SAN DIEGO — San Diego businesswoman Gina Champion-Cain pleaded guilty in a U.S. District Court on Wednesday to conspiracy, securities fraud and obstruction of justice charges as part of a plea agreement for taking hundreds of millions of dollars in investor funds intended as loans for liquor licenses and funneling the money into her companies and for personal purchases.
The founder and former CEO of American National Investments was charged by the Securities and Exchange Commission last summer with taking millions from investors and telling them the money would be used to support loans for people seeking California liquor licenses. Instead, she used the money for personal expenses, to fund her other businesses or to pay back other investors, prosecutors said.
Champion-Cain faces a maximum possible term of 15 years in prison.
More than $400 million from more than 100 investors went into the scheme between 2012 and 2019, according to the plea agreement. Prosecutors said at least one financial institution that invested lost more than $1 million, and that the loss to all investors ranges from between $65 million to $150 million.
Crispin Torres, the former Chief Financial Officer of American National Investments, also pleaded guilty Wednesday to conspiring in the scheme by using funds received from investors to prop up Champion-Cain’s other businesses, some of which were failing.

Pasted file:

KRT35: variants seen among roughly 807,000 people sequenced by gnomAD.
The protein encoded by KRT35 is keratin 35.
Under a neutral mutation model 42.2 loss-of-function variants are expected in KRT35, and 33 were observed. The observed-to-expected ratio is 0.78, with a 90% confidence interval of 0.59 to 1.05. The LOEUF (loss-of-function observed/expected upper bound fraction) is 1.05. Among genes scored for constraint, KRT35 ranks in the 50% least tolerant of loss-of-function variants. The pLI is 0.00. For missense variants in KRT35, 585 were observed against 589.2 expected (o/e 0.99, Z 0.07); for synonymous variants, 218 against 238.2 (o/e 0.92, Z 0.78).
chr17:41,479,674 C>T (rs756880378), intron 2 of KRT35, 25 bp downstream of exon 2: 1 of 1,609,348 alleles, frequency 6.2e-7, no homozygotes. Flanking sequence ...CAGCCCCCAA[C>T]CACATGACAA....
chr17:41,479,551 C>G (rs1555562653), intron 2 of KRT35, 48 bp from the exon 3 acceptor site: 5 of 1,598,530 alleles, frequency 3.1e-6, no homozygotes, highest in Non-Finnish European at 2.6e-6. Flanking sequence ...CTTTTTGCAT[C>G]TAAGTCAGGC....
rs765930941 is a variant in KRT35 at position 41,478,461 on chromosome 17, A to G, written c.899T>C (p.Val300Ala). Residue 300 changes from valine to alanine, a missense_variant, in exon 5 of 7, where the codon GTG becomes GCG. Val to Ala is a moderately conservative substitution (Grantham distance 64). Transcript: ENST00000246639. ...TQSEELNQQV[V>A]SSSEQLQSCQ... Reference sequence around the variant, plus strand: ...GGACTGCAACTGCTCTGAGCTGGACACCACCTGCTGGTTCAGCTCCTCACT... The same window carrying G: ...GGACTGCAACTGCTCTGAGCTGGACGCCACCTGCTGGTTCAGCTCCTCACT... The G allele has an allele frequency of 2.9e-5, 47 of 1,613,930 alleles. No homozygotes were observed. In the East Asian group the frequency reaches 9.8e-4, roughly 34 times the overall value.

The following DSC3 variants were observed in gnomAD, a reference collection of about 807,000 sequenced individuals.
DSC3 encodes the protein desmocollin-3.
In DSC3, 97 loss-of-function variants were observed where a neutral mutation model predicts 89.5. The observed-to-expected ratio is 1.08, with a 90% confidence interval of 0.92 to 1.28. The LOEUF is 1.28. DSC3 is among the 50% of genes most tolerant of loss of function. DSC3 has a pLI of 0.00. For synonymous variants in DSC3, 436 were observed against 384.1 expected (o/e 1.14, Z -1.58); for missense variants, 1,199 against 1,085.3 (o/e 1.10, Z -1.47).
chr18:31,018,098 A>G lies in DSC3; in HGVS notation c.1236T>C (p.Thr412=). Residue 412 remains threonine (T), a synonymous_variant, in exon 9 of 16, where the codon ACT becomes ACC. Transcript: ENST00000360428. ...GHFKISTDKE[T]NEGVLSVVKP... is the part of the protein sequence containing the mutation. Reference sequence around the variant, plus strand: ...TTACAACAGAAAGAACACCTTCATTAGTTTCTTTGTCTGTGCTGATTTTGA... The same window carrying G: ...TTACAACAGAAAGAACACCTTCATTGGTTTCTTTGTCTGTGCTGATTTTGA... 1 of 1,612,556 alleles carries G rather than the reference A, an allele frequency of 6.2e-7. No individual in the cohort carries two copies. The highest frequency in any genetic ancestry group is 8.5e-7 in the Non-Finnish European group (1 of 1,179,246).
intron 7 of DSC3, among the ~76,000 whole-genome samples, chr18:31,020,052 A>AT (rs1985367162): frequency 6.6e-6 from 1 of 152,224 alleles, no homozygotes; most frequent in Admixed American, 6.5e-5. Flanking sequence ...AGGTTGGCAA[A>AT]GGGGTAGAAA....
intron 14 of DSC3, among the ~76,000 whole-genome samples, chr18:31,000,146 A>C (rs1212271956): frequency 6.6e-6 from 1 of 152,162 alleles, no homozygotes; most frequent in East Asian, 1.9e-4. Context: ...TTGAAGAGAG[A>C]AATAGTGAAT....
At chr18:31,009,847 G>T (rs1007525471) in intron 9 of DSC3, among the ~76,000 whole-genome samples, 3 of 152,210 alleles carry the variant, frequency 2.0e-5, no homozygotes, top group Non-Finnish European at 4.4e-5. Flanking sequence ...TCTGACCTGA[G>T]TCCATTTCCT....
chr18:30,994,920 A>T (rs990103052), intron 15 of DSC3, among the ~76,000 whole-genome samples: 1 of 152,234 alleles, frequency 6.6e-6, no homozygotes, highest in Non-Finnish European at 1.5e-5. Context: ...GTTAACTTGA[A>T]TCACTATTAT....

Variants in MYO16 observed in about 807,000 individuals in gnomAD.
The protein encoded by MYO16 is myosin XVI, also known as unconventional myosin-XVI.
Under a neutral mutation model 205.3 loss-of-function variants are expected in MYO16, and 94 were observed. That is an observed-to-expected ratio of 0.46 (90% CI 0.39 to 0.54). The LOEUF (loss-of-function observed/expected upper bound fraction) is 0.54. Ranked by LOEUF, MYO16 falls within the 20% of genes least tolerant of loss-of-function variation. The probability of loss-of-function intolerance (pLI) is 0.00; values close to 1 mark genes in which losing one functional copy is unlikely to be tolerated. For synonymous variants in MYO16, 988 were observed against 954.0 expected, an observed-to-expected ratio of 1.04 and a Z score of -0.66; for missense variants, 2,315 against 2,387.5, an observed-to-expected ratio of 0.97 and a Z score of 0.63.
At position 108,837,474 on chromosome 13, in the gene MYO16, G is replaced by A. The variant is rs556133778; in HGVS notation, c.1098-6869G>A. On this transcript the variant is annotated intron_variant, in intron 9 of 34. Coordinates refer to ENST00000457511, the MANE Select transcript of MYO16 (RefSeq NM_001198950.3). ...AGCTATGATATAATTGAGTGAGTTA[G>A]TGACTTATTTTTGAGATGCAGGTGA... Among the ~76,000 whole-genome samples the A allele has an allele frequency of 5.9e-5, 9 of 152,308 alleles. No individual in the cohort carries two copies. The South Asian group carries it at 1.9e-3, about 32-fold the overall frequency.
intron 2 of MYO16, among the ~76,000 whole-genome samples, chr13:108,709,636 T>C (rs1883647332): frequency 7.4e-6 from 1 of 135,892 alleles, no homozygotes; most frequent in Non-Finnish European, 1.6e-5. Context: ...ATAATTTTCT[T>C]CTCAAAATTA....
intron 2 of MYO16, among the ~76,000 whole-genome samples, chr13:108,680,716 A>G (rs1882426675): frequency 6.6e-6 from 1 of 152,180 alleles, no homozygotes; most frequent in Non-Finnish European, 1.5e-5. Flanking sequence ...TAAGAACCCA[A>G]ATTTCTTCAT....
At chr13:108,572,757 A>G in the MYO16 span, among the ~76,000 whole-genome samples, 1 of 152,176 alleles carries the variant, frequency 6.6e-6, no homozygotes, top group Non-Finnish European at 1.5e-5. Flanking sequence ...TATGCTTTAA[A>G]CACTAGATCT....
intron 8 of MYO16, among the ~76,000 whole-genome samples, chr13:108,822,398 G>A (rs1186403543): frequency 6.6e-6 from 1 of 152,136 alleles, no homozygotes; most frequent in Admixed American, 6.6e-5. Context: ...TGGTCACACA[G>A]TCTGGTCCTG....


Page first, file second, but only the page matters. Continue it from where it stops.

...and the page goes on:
U.S. Attorney, Robert Brewer, called this "by far the largest Ponzi scheme discovered in the district."
Cain and her umbrella corporation, American National Investments, previously had a business interest in dozens of San Diego businesses, from The Patio to Surfrider Pizza to Bao Beach to Swell Coffee.
According to the plea agreement, Champion-Cain admitted using at least $60 million in investor funds to meet expenses at her businesses. In addition, funds were used to pay for residences in Mission Beach and Rancho Mirage, at least $2 million to pay her own salary at American National Investments, and hundreds of thousands of dollars were spent on sporting events, automobiles, credit card bills, jewelry and more.
The plea agreement states that the lending program investors were putting funds into "was completely fictitious" and that many of the supposed liquor license applicants had not sought loans through Champion-Cain. Instead, she created fake lists with applicant names pulled from the Department of Alcohol Beverage Control website, according to the plea agreement.